If you went down to the woods that day..



Last weekend saw us launch a brand new initiative here at SOS - our very first 'Wildlife Weekend', held in a bid to encourage our visitors to think a little bit more about our planet and the impact we have on it, with specific regard to the flora and fauna of the region.

As it turned out we couldn't have planned our event to take place at a more appropriate time, with environmental issues hitting the headlines just about everywhere we looked!  The week preceding our event saw the BBC hold its 'Saving Planet Earth' campaign, which raised over £1,25m for a new charity called the BBC Wildlife Fund.  For  more information on the projects it has pledged to sponsor, go to
www.bbc.co.uk/savingplanetearth

The Saturday of our ‘do’ was also the day of the 'Live Earth' event - a 24-hour, 7-continent series of concerts that brought together more than 100 top-line artists  which attracted a global audience of around 2 billion people for its message about solving the current climate crisis of global warming! This event marked the beginning of a multi-year campaign led by various international organisations to persuade individuals, corporations and governments to take action to solve these problems. If you would like to know more about the Live Earth campaign go to www.liveearth.org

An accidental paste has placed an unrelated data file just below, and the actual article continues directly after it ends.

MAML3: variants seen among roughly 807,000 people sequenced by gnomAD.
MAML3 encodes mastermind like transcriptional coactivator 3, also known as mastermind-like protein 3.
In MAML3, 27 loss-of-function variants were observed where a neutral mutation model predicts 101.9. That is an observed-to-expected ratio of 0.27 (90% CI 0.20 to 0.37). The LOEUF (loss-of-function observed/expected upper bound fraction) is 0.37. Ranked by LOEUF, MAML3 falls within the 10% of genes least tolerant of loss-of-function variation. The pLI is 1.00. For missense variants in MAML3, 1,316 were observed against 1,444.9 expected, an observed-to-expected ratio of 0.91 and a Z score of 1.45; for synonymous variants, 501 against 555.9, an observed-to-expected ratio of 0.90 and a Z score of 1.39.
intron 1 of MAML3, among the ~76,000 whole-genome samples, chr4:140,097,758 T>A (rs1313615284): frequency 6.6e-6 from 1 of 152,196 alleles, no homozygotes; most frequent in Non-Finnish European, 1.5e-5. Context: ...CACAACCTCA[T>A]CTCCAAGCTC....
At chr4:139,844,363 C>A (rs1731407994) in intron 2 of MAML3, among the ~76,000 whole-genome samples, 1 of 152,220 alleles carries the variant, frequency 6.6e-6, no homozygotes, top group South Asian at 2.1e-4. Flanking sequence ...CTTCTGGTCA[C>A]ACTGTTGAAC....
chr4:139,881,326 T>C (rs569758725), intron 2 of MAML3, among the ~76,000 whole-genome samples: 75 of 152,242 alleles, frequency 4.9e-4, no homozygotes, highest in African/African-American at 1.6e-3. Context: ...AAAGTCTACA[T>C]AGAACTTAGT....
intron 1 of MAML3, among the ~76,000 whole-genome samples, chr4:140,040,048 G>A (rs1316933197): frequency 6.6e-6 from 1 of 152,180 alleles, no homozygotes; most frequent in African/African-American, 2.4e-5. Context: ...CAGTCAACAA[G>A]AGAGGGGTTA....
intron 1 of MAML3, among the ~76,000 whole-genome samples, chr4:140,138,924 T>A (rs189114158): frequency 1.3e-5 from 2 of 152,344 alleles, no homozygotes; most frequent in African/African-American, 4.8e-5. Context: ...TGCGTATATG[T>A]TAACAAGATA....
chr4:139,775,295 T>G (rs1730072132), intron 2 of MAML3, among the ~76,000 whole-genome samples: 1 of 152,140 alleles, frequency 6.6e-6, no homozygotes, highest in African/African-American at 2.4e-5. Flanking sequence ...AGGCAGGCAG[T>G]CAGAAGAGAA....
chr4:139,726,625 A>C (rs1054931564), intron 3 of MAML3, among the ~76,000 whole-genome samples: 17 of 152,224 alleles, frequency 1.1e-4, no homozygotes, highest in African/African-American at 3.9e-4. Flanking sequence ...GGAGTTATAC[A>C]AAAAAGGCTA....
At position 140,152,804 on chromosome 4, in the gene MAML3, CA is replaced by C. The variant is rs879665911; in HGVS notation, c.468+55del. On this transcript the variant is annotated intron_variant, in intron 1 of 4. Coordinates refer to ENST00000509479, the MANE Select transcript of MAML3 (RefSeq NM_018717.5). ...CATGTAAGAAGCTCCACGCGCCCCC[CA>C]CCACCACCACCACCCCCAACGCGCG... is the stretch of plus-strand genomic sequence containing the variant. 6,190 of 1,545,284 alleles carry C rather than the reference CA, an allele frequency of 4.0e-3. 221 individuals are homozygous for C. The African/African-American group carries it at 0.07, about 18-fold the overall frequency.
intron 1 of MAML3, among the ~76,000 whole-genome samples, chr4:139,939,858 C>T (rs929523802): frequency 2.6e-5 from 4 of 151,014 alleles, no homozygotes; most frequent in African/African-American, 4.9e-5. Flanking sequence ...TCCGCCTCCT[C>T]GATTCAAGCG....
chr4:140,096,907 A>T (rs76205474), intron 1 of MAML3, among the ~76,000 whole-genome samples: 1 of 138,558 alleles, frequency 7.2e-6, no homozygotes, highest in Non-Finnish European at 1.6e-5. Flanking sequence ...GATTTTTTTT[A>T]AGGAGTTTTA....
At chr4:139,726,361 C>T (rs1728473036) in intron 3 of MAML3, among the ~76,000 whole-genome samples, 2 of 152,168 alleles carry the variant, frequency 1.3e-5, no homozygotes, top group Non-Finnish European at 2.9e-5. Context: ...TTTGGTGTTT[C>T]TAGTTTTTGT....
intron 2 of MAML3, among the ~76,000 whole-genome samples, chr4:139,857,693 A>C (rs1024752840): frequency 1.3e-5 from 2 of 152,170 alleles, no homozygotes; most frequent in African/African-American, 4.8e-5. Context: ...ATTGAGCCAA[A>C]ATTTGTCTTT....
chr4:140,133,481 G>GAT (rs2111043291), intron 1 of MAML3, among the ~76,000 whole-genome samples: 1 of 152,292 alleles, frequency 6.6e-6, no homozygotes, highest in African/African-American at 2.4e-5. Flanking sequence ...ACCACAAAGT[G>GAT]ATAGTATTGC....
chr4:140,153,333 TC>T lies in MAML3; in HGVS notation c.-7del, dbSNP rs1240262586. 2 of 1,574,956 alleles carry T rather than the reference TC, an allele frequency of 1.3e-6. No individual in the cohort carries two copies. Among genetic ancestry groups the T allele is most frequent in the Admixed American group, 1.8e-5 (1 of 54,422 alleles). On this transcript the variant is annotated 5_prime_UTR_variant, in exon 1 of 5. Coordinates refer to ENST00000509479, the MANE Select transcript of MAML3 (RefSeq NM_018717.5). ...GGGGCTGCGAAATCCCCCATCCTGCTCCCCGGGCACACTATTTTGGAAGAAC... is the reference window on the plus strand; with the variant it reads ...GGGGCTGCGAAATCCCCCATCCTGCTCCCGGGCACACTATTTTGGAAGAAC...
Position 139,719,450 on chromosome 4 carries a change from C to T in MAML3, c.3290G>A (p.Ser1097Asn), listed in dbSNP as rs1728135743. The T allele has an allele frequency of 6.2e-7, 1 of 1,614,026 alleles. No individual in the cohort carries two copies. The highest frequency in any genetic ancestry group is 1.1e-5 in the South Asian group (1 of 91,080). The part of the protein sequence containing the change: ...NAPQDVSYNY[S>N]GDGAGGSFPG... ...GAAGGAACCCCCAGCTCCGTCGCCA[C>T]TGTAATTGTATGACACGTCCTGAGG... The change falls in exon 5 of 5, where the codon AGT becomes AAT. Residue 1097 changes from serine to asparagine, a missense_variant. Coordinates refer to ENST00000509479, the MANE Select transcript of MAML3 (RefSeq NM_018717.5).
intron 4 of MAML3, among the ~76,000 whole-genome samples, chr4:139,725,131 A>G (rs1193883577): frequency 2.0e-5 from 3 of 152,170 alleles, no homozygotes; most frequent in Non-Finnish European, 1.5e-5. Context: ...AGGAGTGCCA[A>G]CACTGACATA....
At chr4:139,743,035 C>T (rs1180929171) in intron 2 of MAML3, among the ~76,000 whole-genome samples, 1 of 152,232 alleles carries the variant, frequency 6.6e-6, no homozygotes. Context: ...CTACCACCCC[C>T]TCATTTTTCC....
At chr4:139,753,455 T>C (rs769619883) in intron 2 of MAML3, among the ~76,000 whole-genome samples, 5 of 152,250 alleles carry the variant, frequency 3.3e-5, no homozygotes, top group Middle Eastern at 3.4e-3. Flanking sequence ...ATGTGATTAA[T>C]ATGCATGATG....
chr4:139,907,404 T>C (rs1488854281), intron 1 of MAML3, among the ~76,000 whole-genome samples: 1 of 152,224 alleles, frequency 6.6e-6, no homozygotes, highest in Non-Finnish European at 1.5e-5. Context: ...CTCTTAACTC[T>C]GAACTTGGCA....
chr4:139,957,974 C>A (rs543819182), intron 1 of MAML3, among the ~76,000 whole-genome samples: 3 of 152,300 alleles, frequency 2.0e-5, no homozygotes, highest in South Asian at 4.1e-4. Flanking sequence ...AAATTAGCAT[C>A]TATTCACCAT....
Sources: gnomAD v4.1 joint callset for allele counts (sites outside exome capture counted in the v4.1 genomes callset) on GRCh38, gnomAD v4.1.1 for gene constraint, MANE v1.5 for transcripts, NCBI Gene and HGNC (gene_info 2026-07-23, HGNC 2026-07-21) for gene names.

Our own initiative was on a rather more reduced scale, though (we felt) equally as significant in its own way because as we too want people to realise that if you seriously want to conserve wildlife and the environment, then you really need look no further than your own back yard!

For our event we gathered together as many different wildlife, conservation and rehabilitation groups from across the region as possible to illustrate the incredible diversity of wildlife there is to be seen, studied and enjoyed right here on our East Anglian doorstep.

Organisations such as the R.S.P.B, Ipswich Wildlife Care & Rescue, and The Hawk & Owl Trust were all represented at the event, where we showed many aspects of countryside management from badgers to butterflies, hedgehogs to red squirrels, bats to dragonflies, and songbirds to amphibians.



In regard to the latter, we held some popular pond dipping sessions in our Woodland Walk to show young visitors how easy it is to encourage wildlife into your own garden!  These pond-dipping sessions were great fun and also allowed many of the adults present to relive childhood memories with the aid of jam-jars & nets a-plenty.

The pod dipping also gave us the opportunity to highlight the current plight of frogs, which are in decline globally. As indicators of environmental change due to the fact that the skin through which they breath is incredibly sensitive to ultra-violet radiation, they are suffering on increasing scales due to the depletion of the ozone layer.  If you would like to know the facts  behind the frog's plight, go to
www.actionbioscience.org/biodiversity/howse.html



Finally, I would like to thank the SOS Volunteer Team who played a vital role in support on the day, as usual making an incredibly selfless and essential contribution to the running events at the centre.  Thanks guys - much appreciated!